Toy shop in Norfolk town set to close
- Credit: Toybox Toys
A toy shop in a Norfolk town where generations of children have spent their pocket money is set to close becoming the latest casualty on the high street.
Toybox Toys in Diss will close its doors for the final time on September 1 due to increasing competition from online retailers and because its owner has been offered another business opportunity.
The shop traded in St Nicholas Street in the South Norfolk town for 16 years before moving in 2012 to a new location in Mere Street, opposite the busy Morrison and Tesco supermarkets, in a bid to attract more passing trade.
But declining revenues and the pressures on high street businesses that have seen even giants like Toys R Us fail have prompted the closure. Roy Minshull, the owner of Toybox Toys, said: 'I've done it for 22 years but I have been offered another business opportunity that is probably too good to turn down. Rather than working six days a week it probably means I'll only have to work four or five and having five young grandchildren I will get to spend a little time with them.
'It has declined. Everyone knows with the internet the problems that the high street has got. It makes it difficult for small shops.'
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While toy shop chains The Entertainer and Smyths Toys continue to operate branches in Norfolk, Toys R Us in Norwich and Ipswich closed in April.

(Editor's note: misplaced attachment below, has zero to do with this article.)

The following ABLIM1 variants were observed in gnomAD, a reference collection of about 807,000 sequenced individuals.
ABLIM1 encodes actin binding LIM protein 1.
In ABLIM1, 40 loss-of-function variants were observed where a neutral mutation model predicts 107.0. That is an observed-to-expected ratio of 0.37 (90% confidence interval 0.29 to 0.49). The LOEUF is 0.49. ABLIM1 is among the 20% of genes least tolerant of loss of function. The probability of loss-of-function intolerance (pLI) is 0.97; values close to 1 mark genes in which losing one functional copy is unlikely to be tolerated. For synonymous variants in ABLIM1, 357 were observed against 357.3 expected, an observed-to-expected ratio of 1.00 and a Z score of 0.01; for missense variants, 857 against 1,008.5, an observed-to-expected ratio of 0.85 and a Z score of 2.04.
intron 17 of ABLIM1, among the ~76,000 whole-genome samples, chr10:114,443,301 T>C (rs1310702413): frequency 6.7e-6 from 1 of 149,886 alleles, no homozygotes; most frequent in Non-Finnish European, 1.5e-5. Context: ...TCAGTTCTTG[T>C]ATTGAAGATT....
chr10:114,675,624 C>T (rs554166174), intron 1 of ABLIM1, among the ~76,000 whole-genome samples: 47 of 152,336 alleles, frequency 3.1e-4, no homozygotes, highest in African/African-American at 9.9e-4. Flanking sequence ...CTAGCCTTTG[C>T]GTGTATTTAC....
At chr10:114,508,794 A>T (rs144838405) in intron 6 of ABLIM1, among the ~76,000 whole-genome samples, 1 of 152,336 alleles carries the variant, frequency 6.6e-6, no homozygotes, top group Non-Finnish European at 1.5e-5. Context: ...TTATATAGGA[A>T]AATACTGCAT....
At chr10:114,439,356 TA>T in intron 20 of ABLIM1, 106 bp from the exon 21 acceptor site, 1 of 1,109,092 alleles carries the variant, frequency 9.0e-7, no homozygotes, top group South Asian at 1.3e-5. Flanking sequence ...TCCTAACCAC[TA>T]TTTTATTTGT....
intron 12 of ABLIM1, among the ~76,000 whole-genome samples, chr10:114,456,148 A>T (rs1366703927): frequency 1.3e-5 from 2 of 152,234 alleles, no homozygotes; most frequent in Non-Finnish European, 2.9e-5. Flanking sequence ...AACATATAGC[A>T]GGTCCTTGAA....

Mr Minshull said: 'That is what made me look at it hard. If Toys R Us can't make a go of it then how do we compete? It is a question of do I see it improving and if even these big companies can't make a go of it then can we?
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'When people want something these days they just flick on the internet and Amazon. People moan about the high street not being there but they don't actually support it or the shops that are there. It's a shame.'
The shop's lease comes to an end in September and although the cost was not set to rise, Mr Minshull has decided not to renew it.
He said: 'It's a job I've loved doing. I've watched kids coming in the shop, parents bringing their kids in the shop who are now grandparents, and kids who are now parents bringing their own kids in. I know a lot of families and kids in the town.
'It is going to be a hard one when we finally close the door for the last time. I've had kids in tears in the shop already when they've heard its closing.'